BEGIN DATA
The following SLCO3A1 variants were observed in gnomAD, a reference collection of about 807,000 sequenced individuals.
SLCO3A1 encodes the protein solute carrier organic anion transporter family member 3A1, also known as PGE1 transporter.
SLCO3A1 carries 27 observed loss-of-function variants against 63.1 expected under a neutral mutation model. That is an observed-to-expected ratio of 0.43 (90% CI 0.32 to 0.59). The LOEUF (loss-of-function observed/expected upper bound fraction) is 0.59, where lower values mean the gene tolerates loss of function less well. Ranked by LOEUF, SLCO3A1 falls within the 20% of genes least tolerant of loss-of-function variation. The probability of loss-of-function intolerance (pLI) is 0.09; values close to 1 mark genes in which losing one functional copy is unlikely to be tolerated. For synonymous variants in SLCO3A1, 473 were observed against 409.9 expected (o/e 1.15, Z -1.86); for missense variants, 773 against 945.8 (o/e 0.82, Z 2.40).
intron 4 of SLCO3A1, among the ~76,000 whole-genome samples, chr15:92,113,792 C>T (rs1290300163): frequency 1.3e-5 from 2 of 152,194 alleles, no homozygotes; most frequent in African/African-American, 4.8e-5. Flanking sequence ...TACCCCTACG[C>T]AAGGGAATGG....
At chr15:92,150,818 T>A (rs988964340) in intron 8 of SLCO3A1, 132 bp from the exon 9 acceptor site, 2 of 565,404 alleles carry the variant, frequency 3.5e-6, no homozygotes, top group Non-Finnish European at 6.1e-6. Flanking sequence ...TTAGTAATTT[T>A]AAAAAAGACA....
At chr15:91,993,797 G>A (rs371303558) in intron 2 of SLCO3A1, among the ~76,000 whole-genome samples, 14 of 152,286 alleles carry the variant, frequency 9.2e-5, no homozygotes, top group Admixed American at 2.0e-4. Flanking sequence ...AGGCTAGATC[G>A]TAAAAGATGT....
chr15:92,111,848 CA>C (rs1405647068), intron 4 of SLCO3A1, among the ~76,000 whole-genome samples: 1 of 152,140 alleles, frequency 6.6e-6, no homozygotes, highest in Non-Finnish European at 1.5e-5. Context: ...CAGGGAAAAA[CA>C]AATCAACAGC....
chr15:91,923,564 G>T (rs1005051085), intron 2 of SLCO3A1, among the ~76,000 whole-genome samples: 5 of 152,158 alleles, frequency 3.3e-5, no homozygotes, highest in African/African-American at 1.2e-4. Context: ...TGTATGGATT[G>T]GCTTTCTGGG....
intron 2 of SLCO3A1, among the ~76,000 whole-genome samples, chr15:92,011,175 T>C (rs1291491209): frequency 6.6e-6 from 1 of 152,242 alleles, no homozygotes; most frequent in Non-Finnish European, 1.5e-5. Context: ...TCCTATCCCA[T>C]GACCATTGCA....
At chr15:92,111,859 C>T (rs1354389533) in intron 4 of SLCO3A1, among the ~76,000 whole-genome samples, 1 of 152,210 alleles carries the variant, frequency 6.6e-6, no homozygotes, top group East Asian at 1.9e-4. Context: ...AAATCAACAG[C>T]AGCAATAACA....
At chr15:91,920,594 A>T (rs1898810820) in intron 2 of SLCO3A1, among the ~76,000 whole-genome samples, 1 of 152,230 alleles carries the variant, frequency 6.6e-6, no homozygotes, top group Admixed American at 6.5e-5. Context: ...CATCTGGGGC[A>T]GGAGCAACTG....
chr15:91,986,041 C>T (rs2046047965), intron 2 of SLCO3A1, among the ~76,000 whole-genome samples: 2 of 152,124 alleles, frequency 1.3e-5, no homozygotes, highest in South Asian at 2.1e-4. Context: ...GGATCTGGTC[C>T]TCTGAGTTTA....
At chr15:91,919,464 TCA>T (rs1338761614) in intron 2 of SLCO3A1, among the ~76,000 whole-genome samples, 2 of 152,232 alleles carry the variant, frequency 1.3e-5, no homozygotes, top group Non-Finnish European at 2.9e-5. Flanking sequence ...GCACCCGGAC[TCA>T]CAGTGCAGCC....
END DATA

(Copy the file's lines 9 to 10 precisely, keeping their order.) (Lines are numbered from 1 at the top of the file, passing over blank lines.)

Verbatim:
intron 2 of SLCO3A1, among the ~76,000 whole-genome samples, chr15:92,011,175 T>C (rs1291491209): frequency 6.6e-6 from 1 of 152,242 alleles, no homozygotes; most frequent in Non-Finnish European, 1.5e-5. Context: ...TCCTATCCCA[T>C]GACCATTGCA....
At chr15:92,111,859 C>T (rs1354389533) in intron 4 of SLCO3A1, among the ~76,000 whole-genome samples, 1 of 152,210 alleles carries the variant, frequency 6.6e-6, no homozygotes, top group East Asian at 1.9e-4. Context: ...AAATCAACAG[C>T]AGCAATAACA....